• Information about how to make a formal complaint was widely available, patients and carers knew how to raise concerns or make a complaint and were comfortable doing so.
  • Wards and services had the necessary equipment to meet the needs of the relevant patient groups.
  • Services were planned and delivered to meet the needs of people and staff worked collaboratively with partner organisations, and other agencies.
  • The needs of people in vulnerable circumstances were met and reasonable adjustments were made to ensure people with a disability had equality of access to services.
  • People had access to the right care at the right time and managers had taken appropriate action to reduce the number of delayed discharges.
  • The trust had implemented the Accessible Information Standard and there was a wide range of information and leaflets available for patient, families, and carers.


  • The rehabilitation services did not have clear models of delivery, there was no clear rehabilitation pathway at Emerald Lodge between patients staying in the ward and the bungalows to ensure that patients received care that met their needs and promoted their recovery and it was not clear how Coral Lodge met national guidelines on rehabilitation services.
  • Some relatives of people receiving care from the Domiciliary care service expressed concerns about the number of care hours allocated to their family member, as they felt activities were restricted.
  • In some of the acute wards for adults of working age there was no evidence that planned activities were taking place during the weekend.
  • Some patients in the Doncaster social inclusion service had waited a long time to receive a service; some patients had waited between 7 and 11 months to be allocated to a care co-ordinator.
  • Discharge planning wasn’t always evident in patient care records.



Updated 28 June 2018

This was our first review of well led under our next phase methodology. We rated it as good because:

Checks on specific services

Substance misuse services


Updated 12 January 2017

We have rated substance misuse services as good overall because:

  • All locations were clean and well maintained, clinic rooms were clean and equipment was regularly serviced with stickers visible detailing when the next service was due. The risk assessments we saw reflected the needs of the clients and were in date.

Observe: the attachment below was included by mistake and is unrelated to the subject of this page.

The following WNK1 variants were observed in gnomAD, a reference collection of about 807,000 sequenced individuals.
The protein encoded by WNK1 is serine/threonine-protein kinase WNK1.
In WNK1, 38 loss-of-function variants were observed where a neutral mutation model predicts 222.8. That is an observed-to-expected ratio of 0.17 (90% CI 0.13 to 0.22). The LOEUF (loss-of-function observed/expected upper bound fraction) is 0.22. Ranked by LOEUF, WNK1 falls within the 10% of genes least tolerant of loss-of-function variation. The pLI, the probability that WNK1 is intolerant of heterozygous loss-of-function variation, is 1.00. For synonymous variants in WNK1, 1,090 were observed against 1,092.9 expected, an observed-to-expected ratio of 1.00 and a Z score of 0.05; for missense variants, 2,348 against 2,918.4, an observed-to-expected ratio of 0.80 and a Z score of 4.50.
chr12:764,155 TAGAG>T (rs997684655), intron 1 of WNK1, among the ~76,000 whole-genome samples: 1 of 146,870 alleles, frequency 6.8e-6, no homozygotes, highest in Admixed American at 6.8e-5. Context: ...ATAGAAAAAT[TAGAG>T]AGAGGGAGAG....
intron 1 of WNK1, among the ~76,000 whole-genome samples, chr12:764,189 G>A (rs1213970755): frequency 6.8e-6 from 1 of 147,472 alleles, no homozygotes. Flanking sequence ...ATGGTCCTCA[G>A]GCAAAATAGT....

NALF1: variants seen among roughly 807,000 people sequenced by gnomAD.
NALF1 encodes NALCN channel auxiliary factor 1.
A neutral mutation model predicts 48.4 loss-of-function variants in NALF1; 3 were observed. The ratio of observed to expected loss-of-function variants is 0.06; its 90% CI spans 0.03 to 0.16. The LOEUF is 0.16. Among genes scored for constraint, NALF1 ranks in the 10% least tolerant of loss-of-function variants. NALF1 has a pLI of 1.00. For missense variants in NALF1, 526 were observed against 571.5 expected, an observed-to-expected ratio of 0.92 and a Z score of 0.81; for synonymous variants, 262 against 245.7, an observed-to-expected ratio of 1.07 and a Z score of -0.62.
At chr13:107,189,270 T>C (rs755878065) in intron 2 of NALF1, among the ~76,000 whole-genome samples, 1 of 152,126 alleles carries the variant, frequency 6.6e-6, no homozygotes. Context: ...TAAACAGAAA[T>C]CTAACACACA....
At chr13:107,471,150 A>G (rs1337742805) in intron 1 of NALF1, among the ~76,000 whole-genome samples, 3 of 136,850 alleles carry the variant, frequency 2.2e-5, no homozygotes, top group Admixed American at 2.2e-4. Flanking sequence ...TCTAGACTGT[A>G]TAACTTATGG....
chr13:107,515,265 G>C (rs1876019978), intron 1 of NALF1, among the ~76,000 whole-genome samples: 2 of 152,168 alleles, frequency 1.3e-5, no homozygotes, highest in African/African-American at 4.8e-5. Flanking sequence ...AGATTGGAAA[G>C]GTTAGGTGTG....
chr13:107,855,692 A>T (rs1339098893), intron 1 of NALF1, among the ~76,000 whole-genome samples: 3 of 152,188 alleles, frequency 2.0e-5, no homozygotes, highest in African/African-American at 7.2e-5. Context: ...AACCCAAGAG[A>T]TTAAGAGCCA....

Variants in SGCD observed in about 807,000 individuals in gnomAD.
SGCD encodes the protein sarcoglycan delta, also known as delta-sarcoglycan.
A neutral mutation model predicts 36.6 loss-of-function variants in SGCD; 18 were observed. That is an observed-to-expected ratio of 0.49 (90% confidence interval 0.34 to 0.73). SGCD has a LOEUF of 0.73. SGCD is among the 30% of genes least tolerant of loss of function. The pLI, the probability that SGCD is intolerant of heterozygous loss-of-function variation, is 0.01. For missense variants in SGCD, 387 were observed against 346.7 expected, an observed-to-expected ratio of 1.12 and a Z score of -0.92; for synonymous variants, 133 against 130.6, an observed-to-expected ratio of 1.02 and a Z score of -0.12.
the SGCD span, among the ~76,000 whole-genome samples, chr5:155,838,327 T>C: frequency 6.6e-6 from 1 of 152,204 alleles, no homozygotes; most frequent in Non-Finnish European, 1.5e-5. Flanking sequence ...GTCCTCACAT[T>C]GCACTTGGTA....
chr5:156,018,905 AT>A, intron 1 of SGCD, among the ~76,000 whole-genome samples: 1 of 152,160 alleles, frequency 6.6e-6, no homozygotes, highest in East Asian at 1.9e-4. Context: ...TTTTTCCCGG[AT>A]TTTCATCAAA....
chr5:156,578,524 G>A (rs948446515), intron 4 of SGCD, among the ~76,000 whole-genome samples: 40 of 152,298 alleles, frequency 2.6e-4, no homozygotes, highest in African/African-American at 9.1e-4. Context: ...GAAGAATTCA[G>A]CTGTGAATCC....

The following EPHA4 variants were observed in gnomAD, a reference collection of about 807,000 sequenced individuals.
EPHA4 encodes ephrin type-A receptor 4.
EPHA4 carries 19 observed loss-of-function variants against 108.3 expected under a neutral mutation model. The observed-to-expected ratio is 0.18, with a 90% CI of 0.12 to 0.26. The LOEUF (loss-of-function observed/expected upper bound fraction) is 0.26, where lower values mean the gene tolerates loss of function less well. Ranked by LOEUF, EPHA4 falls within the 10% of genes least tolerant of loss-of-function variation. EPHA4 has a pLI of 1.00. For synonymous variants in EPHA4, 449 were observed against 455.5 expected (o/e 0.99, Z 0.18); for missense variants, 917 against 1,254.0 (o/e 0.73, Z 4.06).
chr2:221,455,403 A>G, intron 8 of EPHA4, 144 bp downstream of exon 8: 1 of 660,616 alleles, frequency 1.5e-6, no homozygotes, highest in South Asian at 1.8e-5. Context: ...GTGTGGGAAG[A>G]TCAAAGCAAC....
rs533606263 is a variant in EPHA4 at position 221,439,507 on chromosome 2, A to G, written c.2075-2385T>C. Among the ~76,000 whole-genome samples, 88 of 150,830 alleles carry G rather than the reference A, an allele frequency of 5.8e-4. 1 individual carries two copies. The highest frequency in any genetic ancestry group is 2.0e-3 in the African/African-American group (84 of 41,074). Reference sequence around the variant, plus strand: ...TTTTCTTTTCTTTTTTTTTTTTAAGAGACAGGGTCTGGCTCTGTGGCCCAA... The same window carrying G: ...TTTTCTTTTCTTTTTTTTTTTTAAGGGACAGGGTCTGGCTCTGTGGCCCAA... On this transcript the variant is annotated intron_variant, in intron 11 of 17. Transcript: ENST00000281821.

• Controlled drugs were stored appropriately and contracts were in place for the collection of clinical waste.

  • Assessments were seen to be detailed and contained both a physical health assessment and an assessment of substance use. Recovery plans were seen to be strength based and recovery focused.

  • The service employed a range of staff disciplines through the trust and partner agencies which meant clients had access to a range of medical and psychosocial interventions recommended by national guidance.

  • Staff assessed clients’ physical health care needs. Staff communicated with GPs concerning physical health and prescribed medications and the systems used linked up so that notes could be shared.


  • We were unable to find risk assessment for three clients in the records we inspected; one of whom had been using services for a number of years.

  • Mandatory training compliance was at 78% which was below the trusts benchmark of 90%. Only 58% of staff had attended the resuscitation level one training.

  • The care plan template in use did not reflect the four domains recommended by the Department of Health, drug misuse and dependence guidelines. This created inconsistency in the quality of the recovery plans and meant some recovery plans were more holistic than others.

  • 58% of the records we looked at did not contain signed consent for information to be shared with the National Drug Treatment Monitoring System.

Wards for older people with mental health problems


Updated 28 June 2018

Our rating of this service stayed the same. We rated it as good because:

  • The wards had systems and processes in place to keep patients and staff safe. Staff recognised safeguarding concerns and escalated these appropriately. They identified patient risks and put plans in place to manage these. Staff followed effective medicines management practices to ensure the proper and safe use of medicines.
  • Staff provided compassionate care and treatment to patients. They took the time to interact with the patients and feedback was positive across all wards. They supported patients with dignity and respect and involved them in their care.
  • Carers were involved and encouraged to be partners in the care of the patient. Staff involved them in decision-making and supported their needs in addition to the patients.